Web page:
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  • Writer's pictureMatt Woodcock

#9 Pebble.



One of the great joys of Twitter, is in discovering the idiosyncratic wonder of things like Dean Wilson’s ‘Pebble of the Day’.

The premise is refreshingly simple.

Dean, known as the ‘fourth best poet in Hull’, scours the beach in his home town of Withernsea, East Yorkshire, (and sometimes elsewhere), finds a pebble he likes, takes a photo of it and posts it on Twitter.

That’s it.

The rest is down to us his followers to make these pebbles our own.

It’s become part of my morning routine to cast my eye over Dean’s daily selections.

These sea-worn treasures fire my imagination in the same way an abstract painting does.

I see faces and familiar shapes and objects in them.

They have personality. Reveal things.

Sometimes provide a quirky resonance or commentary to the news that particular morning.

You’ll have to read Dean’s Twitter feed to fully understand what I mean.

As an example, the pebble I’ve pictured, number 565, looks to me like some kind of magical dreamscape.

But another of Dean’s followers saw ‘a sardonic woman in profile, a big eyed small person and a bird flying - possibly a snowman as well.’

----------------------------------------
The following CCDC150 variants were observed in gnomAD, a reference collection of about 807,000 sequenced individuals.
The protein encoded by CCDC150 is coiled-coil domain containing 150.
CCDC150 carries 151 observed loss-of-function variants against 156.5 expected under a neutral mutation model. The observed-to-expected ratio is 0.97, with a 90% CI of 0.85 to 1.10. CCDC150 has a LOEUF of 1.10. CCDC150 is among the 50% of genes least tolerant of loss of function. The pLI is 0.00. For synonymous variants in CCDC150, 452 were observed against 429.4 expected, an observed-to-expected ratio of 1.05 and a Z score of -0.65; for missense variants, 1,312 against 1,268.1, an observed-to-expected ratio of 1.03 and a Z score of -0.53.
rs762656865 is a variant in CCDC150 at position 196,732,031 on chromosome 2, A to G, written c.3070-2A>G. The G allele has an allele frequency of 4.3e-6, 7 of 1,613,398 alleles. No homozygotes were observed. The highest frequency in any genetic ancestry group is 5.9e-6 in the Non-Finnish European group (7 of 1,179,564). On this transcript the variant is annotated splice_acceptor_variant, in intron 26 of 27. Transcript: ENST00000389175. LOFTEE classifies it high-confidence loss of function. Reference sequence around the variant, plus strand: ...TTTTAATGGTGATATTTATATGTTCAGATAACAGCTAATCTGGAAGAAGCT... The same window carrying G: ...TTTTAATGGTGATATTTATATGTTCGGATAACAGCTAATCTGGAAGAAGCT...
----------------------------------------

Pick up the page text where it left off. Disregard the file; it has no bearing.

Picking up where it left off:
Someone else observed a ‘lady, the lamp and the swallow flying towards the sun’.

Dean’s pebbles have inspired me to take greater care and pay closer attention on my daily walks.

To dodge the dog crap and notice the beautiful little things that nature puts across my path sometimes.

As for his poems, I find them starkly original, moving and often hilariously and squirmingly revealing.

I’ve never met Dean before, but his poetry and his pebbles make me feel like I have.

I recently bought his striking collection ‘Sometimes I’m So Happy I’m Not Safe On The Streets’ (Wrecking Ball Press).

How about this for an opening verse from ‘Hull Hath No Fury Like A Poet Scorned’:


I refuse to enter

The East Yorkshire Arts Centre

after someone who works there

Said my poems were s**t.


The best way to connect with Dean’s verse is watching him read them.

Something Hull film-maker Dave Lee has captured memorably in a series of black and white shorts, featuring the poet in all kinds of fascinating East Yorkshire locations.

Check out his documentary on Dean in East Coast Fever here:


I'd urge all fellow Twitterers to follow Dean @PoetDeanwilson6 and bask in the simple joy of his daily pebbles.

It's done me the world of good.


His poetry books are available via the Wrecking Ball Press website at www.wreckingballpress.com/shop/ or at Wrecking Ball Music, Books and Cafe in Whitefriargate, Hull (when back open).

Follow film-maker Dave Lee @davelee1968.



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